Sal Patalano from the United States is retired from the corporate world in 2016 and he is passionate about photography especially he loves to capture portraits from Streets. In his words about street photography, “I love the immediacy of the moment. I love the connection with a stranger that I never knew before. I love the eye-to-eye contact. I love the challenge of walking up to a complete stranger and take their photograph.”
Thanks, Sal for accepting our invite. Please read on…
First, could you please introduce yourself?
Thank you for the opportunity. My name is Sal Patalano and I retired from the corporate world in 2016. I live in Nashua, NH, and Oldsmar, FL, USA. Since my retirement, I have been photographing folks that I meet on the street. I’ve had the opportunity to photograph people in New Hampshire, Massachusetts, New York, North and South Carolina, and Florida.
Please share some of your childhood memories?
I was born in Gaeta, Italy and my family immigrated to the USA in 1958. My mother bought me my first camera at Grant’s department store in Somerville, MA. It cost $0.99…it was plastic, it was beige and it was a camera! My brother took it to boot camp and he would send black and white photos that he had taken with that camera. I still wonder what happened to it. I wish I still had it.
When did you start shooting and how did this love for photography happen?
I started shooting around 1981. Then I decided I wanted to shoot weddings. Well, not knowing anything about photography, I spent every minute I had in the local library. I must have read every book I could find on photography. Then, when I had enough confidence, I borrowed a wedding album from a recent bride, and I would market myself with her album and I lied saying I shot her wedding. In any case, it worked. I had booked 10 weddings and I had never shot a single one. That lasted for about 15 years when I gave it up due to a sick family member. About 25 years later, I bought my first DSLR. After a bit, I started shooting on the street. I fell in love with it.
What makes street photography so special for you?
I love the immediacy of the moment. I love the connection with a stranger that I never knew before. I love the eye-to-eye contact. I love the challenge of walking up to a complete stranger and take their photograph. The Canadien photojournalist, Ted Grant once said, “When you photograph people in color, you photograph their clothes. When you photograph people in black and white, you photograph their soul”. My goal is to capture people’s souls. That’s why I digitally convert my images to black and white.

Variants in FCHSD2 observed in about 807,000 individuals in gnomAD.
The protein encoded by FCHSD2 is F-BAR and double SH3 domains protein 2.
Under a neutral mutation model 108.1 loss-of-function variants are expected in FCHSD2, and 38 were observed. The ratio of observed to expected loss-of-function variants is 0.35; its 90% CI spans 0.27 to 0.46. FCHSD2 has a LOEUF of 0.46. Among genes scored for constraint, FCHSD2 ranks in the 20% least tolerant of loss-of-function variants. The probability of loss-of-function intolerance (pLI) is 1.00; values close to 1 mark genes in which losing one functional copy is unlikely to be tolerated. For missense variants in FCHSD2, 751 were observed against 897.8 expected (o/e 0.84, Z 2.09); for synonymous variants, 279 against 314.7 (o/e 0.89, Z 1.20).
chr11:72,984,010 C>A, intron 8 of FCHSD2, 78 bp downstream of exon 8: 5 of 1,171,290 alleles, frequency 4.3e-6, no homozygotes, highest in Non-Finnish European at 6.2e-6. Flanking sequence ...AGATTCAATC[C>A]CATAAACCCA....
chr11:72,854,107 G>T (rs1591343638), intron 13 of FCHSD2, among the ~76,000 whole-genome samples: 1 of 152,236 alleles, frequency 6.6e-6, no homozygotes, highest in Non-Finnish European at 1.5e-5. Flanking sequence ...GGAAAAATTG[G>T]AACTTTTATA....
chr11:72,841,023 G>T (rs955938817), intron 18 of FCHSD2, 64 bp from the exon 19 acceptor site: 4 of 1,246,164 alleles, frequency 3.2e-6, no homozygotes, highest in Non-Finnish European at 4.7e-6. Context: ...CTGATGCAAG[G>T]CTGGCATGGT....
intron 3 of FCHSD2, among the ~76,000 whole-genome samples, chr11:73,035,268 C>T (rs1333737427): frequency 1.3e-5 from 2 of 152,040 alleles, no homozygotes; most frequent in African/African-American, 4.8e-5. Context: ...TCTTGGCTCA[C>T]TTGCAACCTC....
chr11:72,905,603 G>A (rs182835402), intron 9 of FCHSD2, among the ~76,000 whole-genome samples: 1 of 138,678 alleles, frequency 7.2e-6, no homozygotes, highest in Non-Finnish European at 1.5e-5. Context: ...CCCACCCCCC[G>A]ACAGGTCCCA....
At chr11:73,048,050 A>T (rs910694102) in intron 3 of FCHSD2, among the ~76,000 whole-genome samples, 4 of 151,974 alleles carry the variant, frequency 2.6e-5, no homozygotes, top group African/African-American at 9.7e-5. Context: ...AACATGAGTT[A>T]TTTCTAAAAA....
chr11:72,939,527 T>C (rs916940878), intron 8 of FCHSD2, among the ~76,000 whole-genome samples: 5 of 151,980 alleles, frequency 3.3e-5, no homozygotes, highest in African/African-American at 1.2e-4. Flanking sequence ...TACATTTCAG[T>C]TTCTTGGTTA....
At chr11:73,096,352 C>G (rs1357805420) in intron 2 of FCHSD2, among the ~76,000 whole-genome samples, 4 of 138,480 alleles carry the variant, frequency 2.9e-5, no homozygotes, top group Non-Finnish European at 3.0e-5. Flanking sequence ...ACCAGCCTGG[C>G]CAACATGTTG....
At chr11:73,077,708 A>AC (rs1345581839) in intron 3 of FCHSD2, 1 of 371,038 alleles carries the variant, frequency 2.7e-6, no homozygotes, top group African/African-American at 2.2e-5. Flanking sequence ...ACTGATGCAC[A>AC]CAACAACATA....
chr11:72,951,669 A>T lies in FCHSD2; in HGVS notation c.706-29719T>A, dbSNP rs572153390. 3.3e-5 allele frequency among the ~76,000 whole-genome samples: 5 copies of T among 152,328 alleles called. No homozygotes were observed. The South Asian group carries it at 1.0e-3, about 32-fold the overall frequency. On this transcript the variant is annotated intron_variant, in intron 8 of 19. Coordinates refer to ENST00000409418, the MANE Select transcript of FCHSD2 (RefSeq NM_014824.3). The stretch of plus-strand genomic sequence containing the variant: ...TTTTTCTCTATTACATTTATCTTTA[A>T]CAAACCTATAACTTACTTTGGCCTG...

What do you look for when deciding who to photograph?
When I walk the streets, I may see a thousand faces. But then, I see that ‘one’ face, I know I have to photograph it. I’ll do all that I can to approach that person with a smile. Try to start up a conversation to make that person comfortable enough to say yes to have me photograph them. I always ask, I always offer to send them a copy of their image and I always say thank you.
What do you hope people take away from your work?
Although we may all look different on the the outside, on the inside, we are all the same.
What was the proudest moment in your photography career so far?
In January of 2019, I was one of 27 artists chosen to display artwork at the Indoor Artwalk in Clearwater, FL. I was fortunate enough to have come in first place and as a result, I was extended the opportunity to exhibit my work at the Carnegie Gallery. Although this was quite a proud moment, the proudest was during my art display, an individual stood and stared at my images on display. He literally started to weep…..that,
was the proudest moment so far.
What is that you have adhered and learned through photography over the years?
Be yourself, be genuine, don’t be afraid to experiment. Look forward but remember the past.
What is a good photograph for you?
There is one thing a photograph must contain, the humanity of the moment. – Robert Frank
Which photographers have inspired you?
Too many to name but a few come to mind like Ansel Adams, Minor White, Vivian Maier and Sebastiao Salgado….just to name a few but the list could fill pages.
What camera and lenses do you use the majority of the time?
For the past four years I have been shooting with Fujifilm bodies and lenses. Before that, it was Nikon.
What does Sal do when not behind the lens?
I like to spend time with family and friends.
What is your favorite motto?
The greatest gift one can give is knowledge.
Apart from photography, tell me about your hobbies and interests?
When I was a bit younger I had my own airplane (instrument rated pilot) but today, I occasionally ride my motorcycle.
Thanks again for providing 121 clicks with this opportunity to interview you. Any final thoughts for our readers?
Enjoy your photography, learn from it and have fun.
You can find Sal Patalano on the Web:
All the pictures in this post are copyrighted Sal Patalano. Their reproduction, even in part, is forbidden without the explicit approval of the rightful owners.